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Title:Estimating midlevel updraft characteristics and severe weather intensity through the lens of overshooting tops
Author(s):Grover, Maxwell Austin
Advisor(s):Trapp, Robert J
Department / Program:Atmospheric Sciences
Discipline:Atmospheric Sciences
Degree Granting Institution:University of Illinois at Urbana-Champaign
Degree:M.S.
Genre:Thesis
Subject(s):Deep Convection
Thunderstorms
Overshooting Tops
South America
Severe Weather
Updrafts
Abstract:Cloud resolving model simulations show that the horizontal area of “convective overshoots” at the top of deep convective storms relates strongly to the area of the associated updraft core within the middle troposphere. Observational support of such overshooting top area (OTA) – updraft relationships was found in this thesis using coincident observations of (overshooting tops) OTs and updrafts collected in three cases during the RELAMPAGO field campaign in Córdoba province, Argentina. The RELAMPAGO data revealed that different convective morphologies had different OT characteristics, with long-lived, large OTs found in association with a supercell case, smaller, shorter-lived OTs found with a multicell case, and finally, short-lived, large OTs found with a MCS case. In general, the convective storms with wide, deep, and intense updrafts tended to be associated with large and deep OTs. The results were used to explore the hypothesis that characteristics of satellite-identified OTs can be used to quantify midtropospheric updraft area as well as intensity and vertical mass flux. Using radar-retrieved updraft area and corresponding calculations, a scaling factor and simple approach was used to estimate distributions of updraft core radii using OTs during the three cases. The estimated updraft core widths were within 1-2 km of previous measurements of updraft width in midlatitude regions. This connection between midlevel updraft area and OTA was also used to estimate the intensity of severe convective weather phenomena, expanding upon a previous study that was focused solely on tornado intensity. Reports of severe hail, severe straight-line winds, and tornadoes were paired with their respective OT events, and then the peak intensity of severe weather and peak OTA were determined. It was shown that OTA, as well as OT depth, have some skill in distinguishing significant from nonsignificant hail size, wind intensity, and tornado intensity. OTA distributions from both a supercell and MCS were used as a case study to evaluate the ability to infer updraft characteristics from OTs.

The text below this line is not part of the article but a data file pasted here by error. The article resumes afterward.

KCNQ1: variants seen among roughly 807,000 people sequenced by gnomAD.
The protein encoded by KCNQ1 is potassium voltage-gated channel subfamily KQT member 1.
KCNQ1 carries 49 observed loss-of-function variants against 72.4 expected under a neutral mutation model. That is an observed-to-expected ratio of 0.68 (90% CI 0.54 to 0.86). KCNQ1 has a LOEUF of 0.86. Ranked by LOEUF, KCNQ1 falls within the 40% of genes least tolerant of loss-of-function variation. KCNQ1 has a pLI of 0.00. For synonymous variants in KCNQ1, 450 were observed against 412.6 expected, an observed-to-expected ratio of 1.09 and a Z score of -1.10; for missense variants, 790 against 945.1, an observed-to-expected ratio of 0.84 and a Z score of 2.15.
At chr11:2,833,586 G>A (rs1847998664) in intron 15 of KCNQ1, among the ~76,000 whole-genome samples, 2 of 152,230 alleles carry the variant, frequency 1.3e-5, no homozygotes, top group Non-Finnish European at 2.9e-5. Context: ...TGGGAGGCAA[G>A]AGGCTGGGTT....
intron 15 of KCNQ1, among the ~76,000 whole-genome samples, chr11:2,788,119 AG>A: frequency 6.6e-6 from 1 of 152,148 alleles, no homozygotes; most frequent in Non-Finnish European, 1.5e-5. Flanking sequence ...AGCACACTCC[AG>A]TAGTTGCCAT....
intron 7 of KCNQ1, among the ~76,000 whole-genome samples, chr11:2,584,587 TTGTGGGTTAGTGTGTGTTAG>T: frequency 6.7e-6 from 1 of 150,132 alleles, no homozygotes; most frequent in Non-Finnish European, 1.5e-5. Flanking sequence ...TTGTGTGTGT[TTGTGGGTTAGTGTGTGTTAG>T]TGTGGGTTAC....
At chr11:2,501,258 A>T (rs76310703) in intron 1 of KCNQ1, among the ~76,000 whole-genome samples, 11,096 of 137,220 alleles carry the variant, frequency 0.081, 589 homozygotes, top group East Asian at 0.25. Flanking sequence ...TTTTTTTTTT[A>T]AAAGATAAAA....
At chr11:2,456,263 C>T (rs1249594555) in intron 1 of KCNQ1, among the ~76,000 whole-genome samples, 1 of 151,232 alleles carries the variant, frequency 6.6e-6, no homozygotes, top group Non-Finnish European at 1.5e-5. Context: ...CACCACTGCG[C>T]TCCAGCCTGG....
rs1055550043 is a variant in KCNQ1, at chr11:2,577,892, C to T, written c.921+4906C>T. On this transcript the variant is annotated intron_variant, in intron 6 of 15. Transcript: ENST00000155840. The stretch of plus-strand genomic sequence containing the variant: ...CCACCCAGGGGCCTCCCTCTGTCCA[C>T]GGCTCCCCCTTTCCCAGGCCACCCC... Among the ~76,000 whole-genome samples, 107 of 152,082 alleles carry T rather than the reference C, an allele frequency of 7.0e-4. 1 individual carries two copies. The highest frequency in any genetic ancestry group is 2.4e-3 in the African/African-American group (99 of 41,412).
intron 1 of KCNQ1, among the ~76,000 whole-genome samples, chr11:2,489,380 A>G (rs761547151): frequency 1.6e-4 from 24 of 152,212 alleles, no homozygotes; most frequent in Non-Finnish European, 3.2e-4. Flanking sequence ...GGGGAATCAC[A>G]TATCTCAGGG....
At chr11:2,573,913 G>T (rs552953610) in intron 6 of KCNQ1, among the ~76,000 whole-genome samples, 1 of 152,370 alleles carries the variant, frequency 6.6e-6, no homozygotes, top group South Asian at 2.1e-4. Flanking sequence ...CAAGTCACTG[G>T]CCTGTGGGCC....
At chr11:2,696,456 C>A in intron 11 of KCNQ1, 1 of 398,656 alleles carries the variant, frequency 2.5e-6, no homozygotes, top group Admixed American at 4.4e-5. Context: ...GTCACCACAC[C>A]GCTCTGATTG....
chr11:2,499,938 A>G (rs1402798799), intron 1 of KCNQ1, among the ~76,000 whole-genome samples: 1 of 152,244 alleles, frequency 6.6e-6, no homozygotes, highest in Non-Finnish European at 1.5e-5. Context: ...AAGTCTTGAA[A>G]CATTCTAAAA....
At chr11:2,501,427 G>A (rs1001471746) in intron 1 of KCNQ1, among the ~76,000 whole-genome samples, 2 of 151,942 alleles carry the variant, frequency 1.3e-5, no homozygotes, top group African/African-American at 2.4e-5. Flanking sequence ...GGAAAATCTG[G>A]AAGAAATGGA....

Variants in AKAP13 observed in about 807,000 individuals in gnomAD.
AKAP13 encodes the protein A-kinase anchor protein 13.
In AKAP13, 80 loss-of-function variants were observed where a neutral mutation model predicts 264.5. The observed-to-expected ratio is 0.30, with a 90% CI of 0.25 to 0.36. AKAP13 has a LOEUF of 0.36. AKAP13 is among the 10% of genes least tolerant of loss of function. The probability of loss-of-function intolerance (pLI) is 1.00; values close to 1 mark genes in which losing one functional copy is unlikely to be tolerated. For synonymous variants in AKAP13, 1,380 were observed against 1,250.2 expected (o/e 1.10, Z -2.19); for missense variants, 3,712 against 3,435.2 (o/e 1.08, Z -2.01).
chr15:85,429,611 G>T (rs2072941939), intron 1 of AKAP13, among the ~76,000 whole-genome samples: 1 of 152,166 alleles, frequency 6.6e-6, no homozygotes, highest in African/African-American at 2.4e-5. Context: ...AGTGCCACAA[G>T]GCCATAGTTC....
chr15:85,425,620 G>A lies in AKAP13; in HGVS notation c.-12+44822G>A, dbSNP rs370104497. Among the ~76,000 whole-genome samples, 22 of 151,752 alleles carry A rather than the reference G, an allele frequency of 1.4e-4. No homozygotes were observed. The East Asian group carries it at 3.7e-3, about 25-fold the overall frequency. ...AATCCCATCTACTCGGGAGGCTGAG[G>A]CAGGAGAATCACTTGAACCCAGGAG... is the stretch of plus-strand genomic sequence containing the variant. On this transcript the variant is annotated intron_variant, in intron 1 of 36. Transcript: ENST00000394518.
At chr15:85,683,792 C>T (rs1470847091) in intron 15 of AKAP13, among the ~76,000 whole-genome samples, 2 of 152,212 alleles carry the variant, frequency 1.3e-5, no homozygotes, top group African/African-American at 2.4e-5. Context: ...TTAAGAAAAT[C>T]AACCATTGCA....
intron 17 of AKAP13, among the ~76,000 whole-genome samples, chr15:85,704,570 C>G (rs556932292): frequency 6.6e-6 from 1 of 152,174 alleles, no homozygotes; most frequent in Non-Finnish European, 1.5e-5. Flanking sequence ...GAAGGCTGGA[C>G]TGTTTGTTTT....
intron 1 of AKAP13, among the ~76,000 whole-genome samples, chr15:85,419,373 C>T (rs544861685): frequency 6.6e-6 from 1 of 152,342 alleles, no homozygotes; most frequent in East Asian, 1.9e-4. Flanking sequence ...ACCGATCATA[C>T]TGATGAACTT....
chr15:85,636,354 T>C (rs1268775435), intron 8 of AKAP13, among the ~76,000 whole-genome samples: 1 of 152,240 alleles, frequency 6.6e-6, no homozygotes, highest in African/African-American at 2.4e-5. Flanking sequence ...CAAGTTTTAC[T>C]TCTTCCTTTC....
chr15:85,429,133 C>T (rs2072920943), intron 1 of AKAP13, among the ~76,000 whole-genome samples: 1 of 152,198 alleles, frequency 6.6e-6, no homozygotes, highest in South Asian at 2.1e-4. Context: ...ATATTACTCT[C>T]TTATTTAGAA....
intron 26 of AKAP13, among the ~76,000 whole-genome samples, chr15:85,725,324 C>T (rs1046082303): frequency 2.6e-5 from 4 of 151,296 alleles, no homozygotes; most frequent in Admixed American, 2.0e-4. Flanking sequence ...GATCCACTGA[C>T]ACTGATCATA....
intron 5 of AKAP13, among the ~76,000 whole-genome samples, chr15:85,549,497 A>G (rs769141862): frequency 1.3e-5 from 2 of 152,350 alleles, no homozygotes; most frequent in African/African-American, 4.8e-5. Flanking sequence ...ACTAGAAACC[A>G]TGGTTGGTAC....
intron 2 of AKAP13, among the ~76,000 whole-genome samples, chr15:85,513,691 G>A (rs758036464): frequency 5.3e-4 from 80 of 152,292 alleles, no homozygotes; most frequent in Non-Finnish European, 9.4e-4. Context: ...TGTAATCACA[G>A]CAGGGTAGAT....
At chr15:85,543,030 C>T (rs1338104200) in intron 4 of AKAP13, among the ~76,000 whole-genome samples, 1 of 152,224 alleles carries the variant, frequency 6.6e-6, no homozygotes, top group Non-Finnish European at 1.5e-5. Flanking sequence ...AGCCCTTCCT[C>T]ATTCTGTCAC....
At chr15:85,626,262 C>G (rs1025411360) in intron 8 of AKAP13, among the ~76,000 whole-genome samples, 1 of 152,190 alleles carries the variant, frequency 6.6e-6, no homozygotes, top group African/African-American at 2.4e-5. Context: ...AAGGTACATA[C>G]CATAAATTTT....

Issue Date:2021-04-28
Type:Thesis
URI:http://hdl.handle.net/2142/110583
Rights Information:Copyright 2021 Maxwell Grover
Date Available in IDEALS:2021-09-17
Date Deposited:2021-05


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